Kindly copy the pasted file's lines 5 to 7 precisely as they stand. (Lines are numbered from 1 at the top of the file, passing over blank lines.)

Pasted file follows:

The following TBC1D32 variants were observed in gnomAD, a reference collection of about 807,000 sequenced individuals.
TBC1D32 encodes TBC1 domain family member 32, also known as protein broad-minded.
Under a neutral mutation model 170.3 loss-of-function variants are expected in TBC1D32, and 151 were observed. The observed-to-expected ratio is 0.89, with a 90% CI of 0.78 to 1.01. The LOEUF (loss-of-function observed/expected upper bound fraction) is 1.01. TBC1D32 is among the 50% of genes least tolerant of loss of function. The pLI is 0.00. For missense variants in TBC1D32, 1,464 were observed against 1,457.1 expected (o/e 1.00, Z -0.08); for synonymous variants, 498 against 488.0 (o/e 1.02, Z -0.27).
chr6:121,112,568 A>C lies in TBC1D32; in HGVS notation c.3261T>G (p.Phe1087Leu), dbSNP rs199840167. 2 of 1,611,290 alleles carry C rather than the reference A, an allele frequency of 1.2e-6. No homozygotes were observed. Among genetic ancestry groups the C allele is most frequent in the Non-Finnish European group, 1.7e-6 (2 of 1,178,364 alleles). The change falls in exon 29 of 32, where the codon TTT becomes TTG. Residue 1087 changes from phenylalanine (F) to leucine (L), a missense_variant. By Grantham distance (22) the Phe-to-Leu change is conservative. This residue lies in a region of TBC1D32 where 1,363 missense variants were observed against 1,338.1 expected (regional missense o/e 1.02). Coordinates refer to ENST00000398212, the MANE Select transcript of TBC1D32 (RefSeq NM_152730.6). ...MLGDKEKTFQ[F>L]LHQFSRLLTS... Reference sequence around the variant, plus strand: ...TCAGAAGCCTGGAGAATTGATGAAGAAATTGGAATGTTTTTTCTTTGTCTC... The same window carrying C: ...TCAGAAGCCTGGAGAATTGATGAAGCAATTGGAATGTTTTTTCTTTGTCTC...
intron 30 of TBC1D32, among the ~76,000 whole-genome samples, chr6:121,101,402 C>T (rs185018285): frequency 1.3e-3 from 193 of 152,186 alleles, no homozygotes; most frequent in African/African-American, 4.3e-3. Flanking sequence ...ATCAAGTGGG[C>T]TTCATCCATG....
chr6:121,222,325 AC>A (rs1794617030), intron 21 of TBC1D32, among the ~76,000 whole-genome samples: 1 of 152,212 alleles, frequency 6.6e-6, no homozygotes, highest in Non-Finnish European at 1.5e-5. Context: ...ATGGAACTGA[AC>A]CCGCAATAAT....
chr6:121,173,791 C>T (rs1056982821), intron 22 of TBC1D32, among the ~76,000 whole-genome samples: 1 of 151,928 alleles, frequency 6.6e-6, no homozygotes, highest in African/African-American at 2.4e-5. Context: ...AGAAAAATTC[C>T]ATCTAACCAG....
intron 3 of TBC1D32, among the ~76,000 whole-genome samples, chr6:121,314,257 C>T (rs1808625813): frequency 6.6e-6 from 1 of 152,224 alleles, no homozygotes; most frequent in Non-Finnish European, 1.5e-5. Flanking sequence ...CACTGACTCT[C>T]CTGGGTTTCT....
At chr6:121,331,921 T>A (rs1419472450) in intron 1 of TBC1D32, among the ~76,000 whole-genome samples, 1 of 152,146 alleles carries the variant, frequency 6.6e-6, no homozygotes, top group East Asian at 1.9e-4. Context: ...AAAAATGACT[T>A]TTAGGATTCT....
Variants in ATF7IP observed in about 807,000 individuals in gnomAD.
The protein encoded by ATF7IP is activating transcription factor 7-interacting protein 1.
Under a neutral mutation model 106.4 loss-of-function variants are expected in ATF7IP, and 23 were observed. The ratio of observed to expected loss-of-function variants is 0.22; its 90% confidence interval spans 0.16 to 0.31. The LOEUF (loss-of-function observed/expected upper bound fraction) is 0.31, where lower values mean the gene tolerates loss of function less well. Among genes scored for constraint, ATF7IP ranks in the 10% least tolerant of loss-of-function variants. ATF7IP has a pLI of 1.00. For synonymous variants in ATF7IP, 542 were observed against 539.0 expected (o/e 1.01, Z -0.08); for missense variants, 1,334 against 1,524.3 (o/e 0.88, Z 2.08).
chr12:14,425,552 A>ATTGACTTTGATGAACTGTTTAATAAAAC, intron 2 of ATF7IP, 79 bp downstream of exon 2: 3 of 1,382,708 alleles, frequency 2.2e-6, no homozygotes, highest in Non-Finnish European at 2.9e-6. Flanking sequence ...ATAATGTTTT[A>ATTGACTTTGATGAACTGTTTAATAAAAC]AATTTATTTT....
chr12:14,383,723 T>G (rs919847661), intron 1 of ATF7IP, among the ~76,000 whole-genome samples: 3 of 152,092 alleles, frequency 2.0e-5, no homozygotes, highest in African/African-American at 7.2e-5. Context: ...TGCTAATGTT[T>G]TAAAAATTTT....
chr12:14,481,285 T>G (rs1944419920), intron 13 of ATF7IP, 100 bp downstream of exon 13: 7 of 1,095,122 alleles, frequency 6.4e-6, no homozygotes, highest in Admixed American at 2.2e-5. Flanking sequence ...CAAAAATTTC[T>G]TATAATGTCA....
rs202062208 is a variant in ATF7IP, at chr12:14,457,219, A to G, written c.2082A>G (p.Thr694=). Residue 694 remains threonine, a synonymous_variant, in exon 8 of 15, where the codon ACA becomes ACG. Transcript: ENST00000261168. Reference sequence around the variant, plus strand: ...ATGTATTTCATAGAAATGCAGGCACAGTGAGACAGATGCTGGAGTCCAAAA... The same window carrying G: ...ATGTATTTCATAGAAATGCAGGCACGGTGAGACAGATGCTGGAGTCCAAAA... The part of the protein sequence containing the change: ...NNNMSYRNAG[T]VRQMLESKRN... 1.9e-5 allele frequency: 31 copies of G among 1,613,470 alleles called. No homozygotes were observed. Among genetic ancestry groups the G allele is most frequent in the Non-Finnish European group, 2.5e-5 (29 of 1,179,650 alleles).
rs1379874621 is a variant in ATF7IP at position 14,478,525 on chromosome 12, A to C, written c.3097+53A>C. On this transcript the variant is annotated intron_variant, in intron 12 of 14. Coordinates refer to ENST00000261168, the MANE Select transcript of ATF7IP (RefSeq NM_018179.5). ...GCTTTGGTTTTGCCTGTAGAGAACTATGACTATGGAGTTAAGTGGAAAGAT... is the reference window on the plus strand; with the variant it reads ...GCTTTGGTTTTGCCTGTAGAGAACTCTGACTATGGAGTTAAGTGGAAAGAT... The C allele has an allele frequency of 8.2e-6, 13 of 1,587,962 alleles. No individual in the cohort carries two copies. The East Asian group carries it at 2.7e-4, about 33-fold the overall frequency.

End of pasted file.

intron 30 of TBC1D32, among the ~76,000 whole-genome samples, chr6:121,101,402 C>T (rs185018285): frequency 1.3e-3 from 193 of 152,186 alleles, no homozygotes; most frequent in African/African-American, 4.3e-3. Flanking sequence ...ATCAAGTGGG[C>T]TTCATCCATG....
chr6:121,222,325 AC>A (rs1794617030), intron 21 of TBC1D32, among the ~76,000 whole-genome samples: 1 of 152,212 alleles, frequency 6.6e-6, no homozygotes, highest in Non-Finnish European at 1.5e-5. Context: ...ATGGAACTGA[AC>A]CCGCAATAAT....
chr6:121,173,791 C>T (rs1056982821), intron 22 of TBC1D32, among the ~76,000 whole-genome samples: 1 of 151,928 alleles, frequency 6.6e-6, no homozygotes, highest in African/African-American at 2.4e-5. Context: ...AGAAAAATTC[C>T]ATCTAACCAG....